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Cedric Ceballos

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Cedric Ceballos
Personal information
Born (1969-08-02) August 2, 1969 (age 49)
Maui, Hawaii
NationalityAmerican
Listed height6 ft 7 in (2.01 m)
Listed weight220 lb (100 kg)
Career information
High schoolDominguez (Compton, California)
College
NBA draft1990 / Round: 2 / Pick: 48th overall
Selected by the Phoenix Suns
Playing career1990–2011
PositionSmall forward
Number23, 1
Career history
19901994Phoenix Suns
19941997Los Angeles Lakers
19971998Phoenix Suns
19982000Dallas Mavericks
2000Detroit Pistons
2000–2001Miami Heat
2002Las Vegas Slam
2002Harlem Globetrotters
2002Hapoel Tel Aviv
2002–2003Lokomotiv Mineralnye Vody
2003Sioux Falls Skyforce
2003–2004San Miguel Beermen
2004–2005Los Angeles Stars
2005–2007Orange County / Maywood Buzz
2007Phoenix Flame
2008–2011Maywood Buzz
Career highlights and awards

Cedric Z. Ceballos (born August 2, 1969) is an American former professional basketball player. As a small forward, he played mostly for the Phoenix Suns and the Los Angeles Lakers, later finishing his National Basketball Association (NBA) career with the Dallas Mavericks, Detroit Pistons and Miami Heat.

Playing career[edit]

Ceballos attended college at Ventura College and later Cal State Fullerton.

His career highlights include winning the NBA Slam Dunk Contest with a blindfolded dunk in 1992. He also led the NBA in field goal percentage (57.6) in 1992–93 with the Suns, who reached the NBA finals that year. He also led the Lakers in scoring in 1994–95 with a 21.7 average and made the All-Star team, but couldn't participate due to an injury. In the 1995–96 season, Ceballos again led the Lakers with a 21.2 average, notching the Lakers' first 50-point game in over 20 years in 1995.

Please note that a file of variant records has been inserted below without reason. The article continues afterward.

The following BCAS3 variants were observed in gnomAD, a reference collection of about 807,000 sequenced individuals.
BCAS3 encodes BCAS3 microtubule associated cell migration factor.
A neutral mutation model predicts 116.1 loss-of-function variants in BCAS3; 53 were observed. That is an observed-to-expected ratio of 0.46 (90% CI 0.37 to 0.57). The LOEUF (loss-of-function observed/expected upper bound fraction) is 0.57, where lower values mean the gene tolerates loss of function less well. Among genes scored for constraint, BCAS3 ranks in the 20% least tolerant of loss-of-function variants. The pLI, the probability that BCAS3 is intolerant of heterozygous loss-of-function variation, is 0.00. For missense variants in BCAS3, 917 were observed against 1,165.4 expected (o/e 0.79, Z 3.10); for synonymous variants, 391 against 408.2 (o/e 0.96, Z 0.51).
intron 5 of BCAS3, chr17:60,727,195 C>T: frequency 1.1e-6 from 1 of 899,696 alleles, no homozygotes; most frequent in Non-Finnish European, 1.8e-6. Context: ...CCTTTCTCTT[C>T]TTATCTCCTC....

In 2002, Ceballos signed with Israeli team Hapoel Tel Aviv, but was waived after a couple of games. Shortly after, he moved to Russia and was signed by BC Lokomotiv Mineralnye Vody. He also played for the San Miguel Beermen in the Philippine Basketball Association (PBA).

In late 2004, he signed with the Los Angeles Stars from the ABA. Ceballos later became employed by the Phoenix Suns as their in-arena emcee and host of a weekly webcast, "Nothin' but Net". He also hosted a morning music program for Phoenix, Arizona rhythm & blues radio station MEGA 104.3 FM.

In March 2007, the Phoenix Flame of the IBL announced the signing of Ceballos[1] for its inaugural season in the league, but he quickly moved behind the lines as an assistant coach the next month.[2]

Ceballos has toured with the "USA Legends". On June 19, 2011, the USA Legends defeated the Malaysian NBL All Star team 97-79, with Ceballos being the unofficial MVP of the game. A notable highlight of Ceballos' performance during the game was when he donned one of the Malaysian player's jerseys and played for the Malaysian team over a stretch of a few possessions, scoring a breakaway dunk during one of them.

Ceballos later became part owner of the American Basketball Association's Arizona Scorpions, and also played for the team.

Personal life[edit]